Canadian Oil Sands Continues To Grow In Face Of Falling Crude Prices
• Canadian oil sands production continues to grow in the face of falling crude prices.
• Oil sands projects take much longer to complete than U.S. drilling projects and are not as sensitive to short-term market changes.
• RBC capital predicts WTI crude prices of $57/bbl in 2016 and $65/bbl in 2017.
In a new report, RBC Capital Markets analyst Greg Pardy explains why Canadian oil sands production will continue to play a role in the global crude oil supply glut for years to come. New oil sand projects in Canada are still being completed, and production will continue to rise in coming years.
Timing Is Everything
According to Pardy, Canadian oil sands in-situ projects take 4-5 years from design to production, with mining projects spanning 7-8 years. For that reason, falling oil prices are not having as much of an impact on Canadian projects as they are having on U.S. drilling projects, which can be throttled up or down in a matter of months.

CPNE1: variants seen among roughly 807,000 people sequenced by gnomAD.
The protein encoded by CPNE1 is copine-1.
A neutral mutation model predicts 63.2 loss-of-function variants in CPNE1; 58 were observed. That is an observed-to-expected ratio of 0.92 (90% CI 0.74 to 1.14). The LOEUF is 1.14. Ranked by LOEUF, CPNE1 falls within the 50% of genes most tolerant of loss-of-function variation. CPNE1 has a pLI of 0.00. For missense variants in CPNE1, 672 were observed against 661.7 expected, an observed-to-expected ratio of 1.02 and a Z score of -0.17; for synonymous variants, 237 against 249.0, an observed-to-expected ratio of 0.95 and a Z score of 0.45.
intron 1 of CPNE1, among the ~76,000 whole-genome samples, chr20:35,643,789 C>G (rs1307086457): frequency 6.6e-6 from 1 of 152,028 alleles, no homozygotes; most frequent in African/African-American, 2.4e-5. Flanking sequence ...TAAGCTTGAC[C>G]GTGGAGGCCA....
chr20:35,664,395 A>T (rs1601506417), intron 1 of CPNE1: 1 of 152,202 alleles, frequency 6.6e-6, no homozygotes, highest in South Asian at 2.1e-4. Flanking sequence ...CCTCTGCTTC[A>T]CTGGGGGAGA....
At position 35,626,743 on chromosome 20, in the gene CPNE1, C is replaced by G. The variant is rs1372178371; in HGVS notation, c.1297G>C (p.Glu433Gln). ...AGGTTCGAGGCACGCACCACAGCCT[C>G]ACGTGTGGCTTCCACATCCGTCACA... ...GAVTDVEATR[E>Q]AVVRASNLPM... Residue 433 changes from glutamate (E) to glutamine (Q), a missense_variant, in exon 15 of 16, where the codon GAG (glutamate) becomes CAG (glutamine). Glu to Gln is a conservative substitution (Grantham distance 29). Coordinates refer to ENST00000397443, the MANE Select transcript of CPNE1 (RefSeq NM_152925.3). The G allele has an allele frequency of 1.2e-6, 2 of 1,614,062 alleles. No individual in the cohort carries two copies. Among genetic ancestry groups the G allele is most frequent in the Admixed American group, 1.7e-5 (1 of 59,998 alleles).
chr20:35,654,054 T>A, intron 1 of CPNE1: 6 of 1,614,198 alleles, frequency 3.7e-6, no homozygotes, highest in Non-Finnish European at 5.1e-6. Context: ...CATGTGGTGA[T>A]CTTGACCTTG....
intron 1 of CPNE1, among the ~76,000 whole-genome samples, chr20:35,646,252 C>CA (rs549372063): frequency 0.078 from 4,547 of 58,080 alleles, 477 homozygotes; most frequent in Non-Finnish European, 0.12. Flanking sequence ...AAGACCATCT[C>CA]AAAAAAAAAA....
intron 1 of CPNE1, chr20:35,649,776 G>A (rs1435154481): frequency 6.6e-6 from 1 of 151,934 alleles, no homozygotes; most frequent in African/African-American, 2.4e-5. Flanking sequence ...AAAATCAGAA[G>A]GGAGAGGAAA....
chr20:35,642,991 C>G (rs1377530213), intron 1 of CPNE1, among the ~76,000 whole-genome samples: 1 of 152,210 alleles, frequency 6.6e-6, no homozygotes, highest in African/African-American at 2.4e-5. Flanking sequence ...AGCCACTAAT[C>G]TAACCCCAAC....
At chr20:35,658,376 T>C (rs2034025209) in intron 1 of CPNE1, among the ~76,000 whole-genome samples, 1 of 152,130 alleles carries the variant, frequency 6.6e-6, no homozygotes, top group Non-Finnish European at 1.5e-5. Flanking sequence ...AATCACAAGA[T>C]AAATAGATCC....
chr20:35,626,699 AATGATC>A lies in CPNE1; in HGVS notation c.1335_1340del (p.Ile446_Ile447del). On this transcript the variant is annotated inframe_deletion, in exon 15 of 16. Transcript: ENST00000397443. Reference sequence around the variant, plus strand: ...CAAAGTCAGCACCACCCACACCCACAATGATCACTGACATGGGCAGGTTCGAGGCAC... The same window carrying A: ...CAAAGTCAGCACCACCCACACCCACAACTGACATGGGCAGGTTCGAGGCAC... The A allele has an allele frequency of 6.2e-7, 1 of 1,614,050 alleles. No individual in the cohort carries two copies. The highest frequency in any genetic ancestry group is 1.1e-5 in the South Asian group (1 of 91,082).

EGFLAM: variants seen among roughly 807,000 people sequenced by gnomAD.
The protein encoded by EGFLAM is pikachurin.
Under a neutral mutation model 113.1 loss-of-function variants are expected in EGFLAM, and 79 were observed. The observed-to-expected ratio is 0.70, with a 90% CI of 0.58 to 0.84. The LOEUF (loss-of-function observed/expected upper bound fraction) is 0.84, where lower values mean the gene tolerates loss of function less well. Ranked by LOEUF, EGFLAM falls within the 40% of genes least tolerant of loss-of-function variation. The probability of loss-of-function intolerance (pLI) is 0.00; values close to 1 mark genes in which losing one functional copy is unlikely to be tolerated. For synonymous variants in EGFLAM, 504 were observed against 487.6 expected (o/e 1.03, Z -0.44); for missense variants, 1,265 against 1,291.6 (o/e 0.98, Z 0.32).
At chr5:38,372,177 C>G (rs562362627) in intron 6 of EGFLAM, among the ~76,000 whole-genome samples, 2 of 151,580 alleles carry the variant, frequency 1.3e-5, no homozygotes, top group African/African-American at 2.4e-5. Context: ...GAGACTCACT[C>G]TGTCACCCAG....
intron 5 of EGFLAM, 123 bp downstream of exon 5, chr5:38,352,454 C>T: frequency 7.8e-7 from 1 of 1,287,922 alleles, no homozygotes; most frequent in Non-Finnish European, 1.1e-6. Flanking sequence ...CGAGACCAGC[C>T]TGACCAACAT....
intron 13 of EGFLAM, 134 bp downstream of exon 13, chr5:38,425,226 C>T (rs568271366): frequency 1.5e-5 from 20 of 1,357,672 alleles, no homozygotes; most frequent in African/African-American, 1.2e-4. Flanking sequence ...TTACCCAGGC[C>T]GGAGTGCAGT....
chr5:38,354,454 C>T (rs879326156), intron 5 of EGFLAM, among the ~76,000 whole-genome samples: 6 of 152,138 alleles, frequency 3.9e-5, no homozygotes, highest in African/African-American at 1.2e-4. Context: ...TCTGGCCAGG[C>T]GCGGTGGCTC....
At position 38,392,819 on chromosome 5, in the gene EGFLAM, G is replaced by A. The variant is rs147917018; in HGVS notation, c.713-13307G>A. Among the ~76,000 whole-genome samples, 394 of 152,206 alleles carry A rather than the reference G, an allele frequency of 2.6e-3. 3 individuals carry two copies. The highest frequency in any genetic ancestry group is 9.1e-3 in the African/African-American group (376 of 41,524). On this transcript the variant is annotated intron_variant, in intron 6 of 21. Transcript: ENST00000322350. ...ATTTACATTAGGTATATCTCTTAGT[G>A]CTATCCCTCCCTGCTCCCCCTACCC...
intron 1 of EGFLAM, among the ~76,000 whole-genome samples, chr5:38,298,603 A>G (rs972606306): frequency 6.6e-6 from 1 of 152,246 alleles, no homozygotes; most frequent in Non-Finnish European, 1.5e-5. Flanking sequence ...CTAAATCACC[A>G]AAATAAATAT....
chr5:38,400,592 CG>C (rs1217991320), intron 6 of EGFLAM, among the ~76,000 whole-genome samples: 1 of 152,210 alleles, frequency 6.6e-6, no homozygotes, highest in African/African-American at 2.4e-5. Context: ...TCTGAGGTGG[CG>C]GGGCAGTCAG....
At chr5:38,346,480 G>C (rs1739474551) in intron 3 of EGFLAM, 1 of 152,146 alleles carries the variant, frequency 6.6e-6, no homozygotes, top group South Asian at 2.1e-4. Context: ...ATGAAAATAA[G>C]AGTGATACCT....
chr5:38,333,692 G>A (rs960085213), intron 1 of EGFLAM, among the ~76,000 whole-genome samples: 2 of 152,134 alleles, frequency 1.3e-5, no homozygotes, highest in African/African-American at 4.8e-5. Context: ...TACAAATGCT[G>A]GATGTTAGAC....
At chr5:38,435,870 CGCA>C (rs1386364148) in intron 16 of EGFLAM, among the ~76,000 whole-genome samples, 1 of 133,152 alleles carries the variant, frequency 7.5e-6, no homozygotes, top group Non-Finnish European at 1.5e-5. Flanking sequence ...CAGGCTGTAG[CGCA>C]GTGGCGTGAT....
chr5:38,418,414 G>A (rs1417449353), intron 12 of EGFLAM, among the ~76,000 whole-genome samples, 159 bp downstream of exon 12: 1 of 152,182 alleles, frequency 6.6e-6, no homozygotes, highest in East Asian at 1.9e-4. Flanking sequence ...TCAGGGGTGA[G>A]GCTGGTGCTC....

“As such, the oil sands will remain a part of the global excess supply picture over the next 2-3 years, although cycle-time dynamics cut both ways—once oil prices recover to levels which support the sanctioning of new projects, growth will take years to surface,” Pardy explains.
RBC is projecting oil sands production of 2.4 million b/d in 2015. This production has grown at a compound annual rate (CAGR) of 10.0 percent over the past five years. Pardy believes production will continue at a CAGR of 7.0 percent from 2015 to 2020.
In the report, RBC maintains its WTI crude oil price forecasts of $51/bbl, $57/bbl and $65/bbl for 2015, 2016 and 2017, respectively. The firm names Royal Dutch Shell plc (ADR) (NYSE: RDS.A), Canadian Natural Resources Ltd (USA) (NYSE: CNQ) and Pioneer Natural Resources (NYSE: PXD) as top Outperform-rated stocks.
Disclosure: the author holds no position in the stocks mentioned.
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